• The 190th Panzer Abteilung (battalion) – which appears to have been made up at this time as two companies of Panzer IV’s
• The 190th Artillery Regiment
• The 190th Panzerjäger (Anti-tank) Abteilung
• The 190th Pioneer Battalion

Panzers on the dock
At the beginning of the clash the 90th Panzergrenadier Division was commanded by Generalleutnant Karl Hans Lungerhausen, but he was replaced during the battle (20 December 1943) by Generalleutnant Ernst-Gunter Baade. One possible reason for this, was the near total destruction of the 90th PG Division by this time. Using the common German tactic of immediate and frequent counter attack against any Canadian advance the Panzer Grenadiers had taken extremely heavy losses, particularly from the strong Allied artillery support.
Diving Eagle 1st Fallschirmjager Division

The 1st Fallschirmjager Division was formally created in April 1943 in the South of France, the direct descendant of the 7th Flieger Division. Together with the 2nd Fallschirmjager Division they made up the XI Flieger Korps, the Oberkommando der Wehrmacht (OKW – the German High Command) strategic reserve for the Mediterranean theatre of operations, recuperating after a long period of bitter fighting on the Eastern Front.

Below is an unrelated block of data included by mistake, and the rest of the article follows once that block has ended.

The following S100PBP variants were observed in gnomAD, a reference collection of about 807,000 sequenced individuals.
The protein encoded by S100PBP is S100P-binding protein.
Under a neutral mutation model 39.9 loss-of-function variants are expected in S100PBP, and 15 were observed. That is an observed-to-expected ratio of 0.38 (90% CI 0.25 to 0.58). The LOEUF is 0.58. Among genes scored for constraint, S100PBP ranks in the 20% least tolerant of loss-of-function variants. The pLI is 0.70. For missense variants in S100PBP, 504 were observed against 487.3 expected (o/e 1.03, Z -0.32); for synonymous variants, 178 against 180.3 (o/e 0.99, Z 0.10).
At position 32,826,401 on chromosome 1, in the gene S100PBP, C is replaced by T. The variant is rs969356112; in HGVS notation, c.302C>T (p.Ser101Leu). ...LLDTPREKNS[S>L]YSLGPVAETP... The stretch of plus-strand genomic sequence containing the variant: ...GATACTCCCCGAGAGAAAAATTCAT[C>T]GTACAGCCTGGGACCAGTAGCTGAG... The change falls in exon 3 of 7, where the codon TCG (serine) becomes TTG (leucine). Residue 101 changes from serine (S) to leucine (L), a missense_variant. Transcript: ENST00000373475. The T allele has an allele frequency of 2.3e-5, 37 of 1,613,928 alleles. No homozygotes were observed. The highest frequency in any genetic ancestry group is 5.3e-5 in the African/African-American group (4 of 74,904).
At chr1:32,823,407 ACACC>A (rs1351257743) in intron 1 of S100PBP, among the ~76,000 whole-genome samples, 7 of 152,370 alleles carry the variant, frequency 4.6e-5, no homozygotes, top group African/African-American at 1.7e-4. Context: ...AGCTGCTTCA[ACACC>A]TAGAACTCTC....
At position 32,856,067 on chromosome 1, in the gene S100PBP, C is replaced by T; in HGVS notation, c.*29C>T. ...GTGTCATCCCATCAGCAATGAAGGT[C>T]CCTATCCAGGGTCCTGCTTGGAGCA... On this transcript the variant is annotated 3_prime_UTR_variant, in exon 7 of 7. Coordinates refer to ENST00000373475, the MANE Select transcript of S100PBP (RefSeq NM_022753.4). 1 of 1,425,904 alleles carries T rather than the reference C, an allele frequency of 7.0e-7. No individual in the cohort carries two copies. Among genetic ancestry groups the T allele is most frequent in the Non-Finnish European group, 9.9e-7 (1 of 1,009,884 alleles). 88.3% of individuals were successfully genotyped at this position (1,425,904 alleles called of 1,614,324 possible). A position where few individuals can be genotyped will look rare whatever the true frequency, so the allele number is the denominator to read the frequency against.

In July 1943 as the invasion of Sicily proceeded the XIV Panzer Korps sought reinforcements to counter the attack. 1st FJ Division was alerted for action. The 3rd FJ Regiment, 1st and 3rd battalions of the 4th FJ Regiment the FJ Machinegun Battalion and other detachments were flown directly from France and parachuted or air landed at Catania. Other units were flown to Rome and then air-transported to Sicily.